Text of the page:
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Ronald J.
Aug 12, 2019 rated it really liked it
This is a deep and long book, certainly George Will’s Magnum Opus. He sets out answering the question, what do conservatives seek to conserve? His answer: “We seek to conserve the American Founding.” He explains the Founder’s philosophy, the philosophy that the progressives formulated explicitly as a refutation of the Founders, and why the Founders philosophy was superior. Woodrow Wilson and progressivism comes in for a [much justified] pummeling. “Unleashing majorities was a progressive objecti ...more
Bill Berg
https://www.washingtonpost.com/outloo...

I enjoyed this book because I'm an iconoclastic tweak with a pseudo intellectual bent. I nearly worshipped WF Buckley, and must confess oft felt envy of his intellect, erudition, and elite station in life. At times I had similar thoughts of Will.

As I've aged and life has shown me more and more that "elite" in this mortal coil is eternally problematic, my objective has moved to being a disciple of Jesus Christ -- so pride in anything but Christ is at best c
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Michael
I thought about picking this up, but the reviews and Will's interviews about the book are making me question that. I've read plenty of conservative arguments lately that anti-majoritarian political institutions protect society from a reckless majority empowering an intrusive administrative state. The biggest problem with this is that it is not only government that can restrict liberty. Private wealth can and does lead to power that limits peoples' ability to pursue happiness. The news is now rep ...more
Alan
Jul 03, 2019 added it  ·  review of another edition
Shelves: epub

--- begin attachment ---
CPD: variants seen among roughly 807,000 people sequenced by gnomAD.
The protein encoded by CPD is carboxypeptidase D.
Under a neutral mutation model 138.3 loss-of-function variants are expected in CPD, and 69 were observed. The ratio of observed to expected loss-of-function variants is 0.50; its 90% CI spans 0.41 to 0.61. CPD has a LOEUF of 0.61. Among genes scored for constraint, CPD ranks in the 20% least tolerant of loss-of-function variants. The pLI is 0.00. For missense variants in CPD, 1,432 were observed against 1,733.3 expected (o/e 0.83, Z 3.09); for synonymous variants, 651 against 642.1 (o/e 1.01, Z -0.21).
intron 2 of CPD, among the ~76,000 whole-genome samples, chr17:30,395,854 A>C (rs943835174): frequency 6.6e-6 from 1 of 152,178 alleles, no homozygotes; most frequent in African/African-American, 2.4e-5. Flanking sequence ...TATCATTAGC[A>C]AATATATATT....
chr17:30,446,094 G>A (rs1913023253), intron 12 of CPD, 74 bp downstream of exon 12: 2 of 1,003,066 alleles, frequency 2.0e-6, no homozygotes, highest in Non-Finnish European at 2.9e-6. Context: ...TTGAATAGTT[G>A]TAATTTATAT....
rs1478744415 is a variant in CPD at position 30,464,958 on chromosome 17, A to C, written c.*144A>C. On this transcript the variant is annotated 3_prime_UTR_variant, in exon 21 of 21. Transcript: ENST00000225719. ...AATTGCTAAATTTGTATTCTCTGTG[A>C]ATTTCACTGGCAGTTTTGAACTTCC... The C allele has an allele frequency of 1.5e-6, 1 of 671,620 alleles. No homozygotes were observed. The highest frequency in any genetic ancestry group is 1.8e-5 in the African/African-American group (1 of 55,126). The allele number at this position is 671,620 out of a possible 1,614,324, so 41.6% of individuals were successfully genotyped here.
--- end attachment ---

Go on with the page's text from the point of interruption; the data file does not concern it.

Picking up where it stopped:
From the Pulitzer Prize-winning columnist, an "astonishing" and "enthralling" (Booklist) new reflection on American conservatism, examining how the Founders' belief in natural rights created a great American political tradition—one that now finds itself under threat.

For more than four decades, George F. Will has attempted to discern the principles of the Western political tradition and apply them to America's civic life. Today, the stakes could hardly be higher. Vital questions about the nature
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Jack
Aug 11, 2019 rated it it was amazing  ·  review of another edition
Amazing book. I’m always fascinated when people write books like this. I try to imagine the process, the organization and the huge amount of research and thinking involved. Of course, since it aligns with my views, it’s easy to agree. But then, I agreed with Fukuyama’s books too and they didn’t completely align with my biases. I’m on the Sid that thinks government has gone too far and is trying to do things it wasn’t intended to do and that it has repeatedly shown it is incapable of doing. It is ...more
John Munro
Jul 16, 2019 rated it really liked it  ·  review of another edition